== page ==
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Authors of
Prof. Dr. V.J. Dietrich
Institute for Mineralogy and Petrography
ETH Zürich

Prof. Dr. Lorenz Hurni
Institute of Cartography
ETH Zürich

Project > Methodologies > Ground-based heat and CO2 flux measurements

Ground-based heat and CO2 flux measurements

Heat Flux Measurements
CO2 Flux Monitoring and Diffuse Degassing Structures (DDS)

CO2 Flux Monitoring and Diffuse Degassing Structures (DDS)

Degassing is a continuous process, since gas is emitted from all types of magmas. Most active volcanoes release volcanic gases as a surface expression of this degassing process in the form of plumes, discrete fumarolic activity and soil diffuse degassing.

The gases released by volcanoes are a mixture of components derived from at least two different sources: a) from a magmatic source, exsolving and releasing volatiles from silicic melts into the country rock and b) from vapour separating from external fluids.

These latter fluids of either meteoric, groundwater or seawater origin (or a combination of them) are circulating around the magmatic conduits via porous media or fractures (the so-called "volcanic-hydrothermal system"). The driving force of this movement is the thermal gradient between the magmatic source ("magma reservoirs") and the surface, which is evidenced by fumarolic emissions.

Recently, the use of new techniques for the measurement of diffuse CO2 fluxes permitted quantitative estimation of the gas-flow released in diffuse emission areas from different volcanic systems (Fig. 24).

These newly acquired data suggest that in the case of quiescent volcanoes exhibiting hydrothermal activity, the major gas emissions are discharged from relatively small areas, or Diffuse Degassing Structures (DDS). The associated energy losses, mainly through steam condensation, are by far the most important terms in the heat balance equation of the whole volcanic system.

During the 1990's, a geochemical technique for measuring diffuse soil CO2 fluxes was developed. This method, called ”accumulation chamber time 0 method”, consists of the measurement of soil CO2 fluxes at many points (typical several hundreds) homogeneously distributed over the area of study. The quick measuring times (1-5 minutes) allow one to cover large areas in detail in relatively short times.

CO2 flux data analysis

The total degassing output from the surveyed area can be estimated by means of statistical or geostatistical techniques. Two generally used statistical techniques are a) arithmetic averaging and b) a graphical-statistical approach. For surveillance purposes, the definition of the 'natural variability' is essential for the recognition of anomalous states.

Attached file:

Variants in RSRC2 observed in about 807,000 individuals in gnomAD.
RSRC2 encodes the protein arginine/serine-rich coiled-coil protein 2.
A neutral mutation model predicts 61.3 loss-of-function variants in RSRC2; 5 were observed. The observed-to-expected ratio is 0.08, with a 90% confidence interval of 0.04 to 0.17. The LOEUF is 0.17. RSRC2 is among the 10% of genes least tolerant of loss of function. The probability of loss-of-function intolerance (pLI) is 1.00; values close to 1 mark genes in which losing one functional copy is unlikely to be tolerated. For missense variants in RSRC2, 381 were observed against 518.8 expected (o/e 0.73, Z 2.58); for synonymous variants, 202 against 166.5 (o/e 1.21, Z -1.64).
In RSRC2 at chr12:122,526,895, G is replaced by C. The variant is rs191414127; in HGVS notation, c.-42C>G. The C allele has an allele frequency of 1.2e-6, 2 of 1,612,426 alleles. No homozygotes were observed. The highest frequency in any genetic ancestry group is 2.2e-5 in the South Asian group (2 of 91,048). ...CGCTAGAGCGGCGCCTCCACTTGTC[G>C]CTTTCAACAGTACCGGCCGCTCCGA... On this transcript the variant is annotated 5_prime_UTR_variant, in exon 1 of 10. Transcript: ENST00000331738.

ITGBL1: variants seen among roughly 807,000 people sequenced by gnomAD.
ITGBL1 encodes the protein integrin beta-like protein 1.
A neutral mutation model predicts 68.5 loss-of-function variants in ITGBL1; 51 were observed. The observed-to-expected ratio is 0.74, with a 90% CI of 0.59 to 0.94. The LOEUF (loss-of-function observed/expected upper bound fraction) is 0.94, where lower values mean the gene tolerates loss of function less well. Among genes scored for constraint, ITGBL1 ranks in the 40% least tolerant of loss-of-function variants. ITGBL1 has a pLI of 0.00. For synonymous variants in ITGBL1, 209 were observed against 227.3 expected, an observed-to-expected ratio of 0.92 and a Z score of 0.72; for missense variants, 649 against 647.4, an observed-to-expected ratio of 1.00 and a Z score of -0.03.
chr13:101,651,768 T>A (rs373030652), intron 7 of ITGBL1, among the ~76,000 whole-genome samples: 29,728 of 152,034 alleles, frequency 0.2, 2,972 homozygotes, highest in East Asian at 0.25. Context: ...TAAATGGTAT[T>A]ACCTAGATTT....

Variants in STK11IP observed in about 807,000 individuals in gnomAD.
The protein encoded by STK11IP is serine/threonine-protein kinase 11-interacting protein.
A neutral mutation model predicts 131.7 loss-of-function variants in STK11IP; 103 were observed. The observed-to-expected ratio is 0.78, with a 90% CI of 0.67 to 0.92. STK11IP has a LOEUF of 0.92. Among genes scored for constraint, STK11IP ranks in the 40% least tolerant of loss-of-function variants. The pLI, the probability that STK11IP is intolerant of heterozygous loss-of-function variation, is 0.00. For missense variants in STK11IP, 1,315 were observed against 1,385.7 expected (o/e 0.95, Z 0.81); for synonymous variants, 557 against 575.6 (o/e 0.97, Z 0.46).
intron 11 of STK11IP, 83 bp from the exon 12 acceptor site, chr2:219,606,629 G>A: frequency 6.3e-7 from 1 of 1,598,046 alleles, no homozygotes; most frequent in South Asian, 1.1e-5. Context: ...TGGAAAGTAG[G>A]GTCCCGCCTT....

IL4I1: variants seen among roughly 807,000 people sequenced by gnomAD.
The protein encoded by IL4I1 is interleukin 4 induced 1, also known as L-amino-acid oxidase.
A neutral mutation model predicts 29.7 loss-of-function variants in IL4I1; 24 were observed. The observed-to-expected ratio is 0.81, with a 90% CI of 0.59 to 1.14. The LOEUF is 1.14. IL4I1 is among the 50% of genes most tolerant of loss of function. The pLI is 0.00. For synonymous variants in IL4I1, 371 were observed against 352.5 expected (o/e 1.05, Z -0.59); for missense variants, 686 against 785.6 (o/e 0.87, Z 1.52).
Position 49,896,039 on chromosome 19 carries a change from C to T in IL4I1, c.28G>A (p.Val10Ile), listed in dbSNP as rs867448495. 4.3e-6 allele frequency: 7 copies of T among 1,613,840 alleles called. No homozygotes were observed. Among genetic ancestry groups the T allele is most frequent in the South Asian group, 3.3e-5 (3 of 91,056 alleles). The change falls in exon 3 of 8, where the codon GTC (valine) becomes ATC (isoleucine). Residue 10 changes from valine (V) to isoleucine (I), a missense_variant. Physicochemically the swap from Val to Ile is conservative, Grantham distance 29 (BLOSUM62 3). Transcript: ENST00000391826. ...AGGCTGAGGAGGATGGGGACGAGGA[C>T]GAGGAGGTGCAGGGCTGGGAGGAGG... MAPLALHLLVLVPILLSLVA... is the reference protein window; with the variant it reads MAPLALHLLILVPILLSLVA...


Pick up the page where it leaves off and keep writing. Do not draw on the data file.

The new CO2 flux data analysis of Nisyros (Fig. 26) comprises a geostatistical technique that consists of a probabilistic approach based on stochastic simulation algorithms. Specifically, we used the Sequential Gaussian Simulation algorithm (SGS) using the code of the GSLIB software.

The stochastic simulation is a process that builds alternative, equally probable, high resolution models of the spatial distribution of an attribute, assumed as the realization of a random variable.

Simulation differs mainly from kriging or interpolation algorithms because the target of a simulation is the reproduction of the global features (texture) and statistics (histogram, variogram) of the attribute, and because it allows the definition of the accuracy of both local and global estimations.

The measure of the accuracy is given by the differences between N alternative simulated values of one point (local accuracy) or by the differences between N alternative simulations of a field (global accuracy).


Fig. 26 CO2 flux at Lakki plain (the result of 200 simulations based on field measurements). Osservatorio Vesuviano Napoli (OVNI)
(Click on image to enlarge).

During one single campaign, 1.268 data points were used and arranged in a 20m spaced grid within the hydrothermal crater area of Nisyros. The simulation was performed by computing the flux values in 27,520 cells of 5 x 5 m each. The mean total CO2 output computed by E-estimate of 50 alternative realizations (i.e. linearly averaging all of the realizations) is 34.6 t d-1 (Ø = 3.8 t / d).


Fig. 27 The CO2 flux (heights) / temperature (colours) correlation from the hydrothermal craters in Nisyros during the seismic crisis in November 1997 combined with the orthorectified 3D IKONOS satellite image. Swiss Federal Institute of Technology (ETHZ)
(Click on image to enlarge).




Several methodologies are applied in a completely new way to achieve the necessary results.

Software screenshots

Take a look at the software graphical user interface.



Watch illustrative movies of the project.

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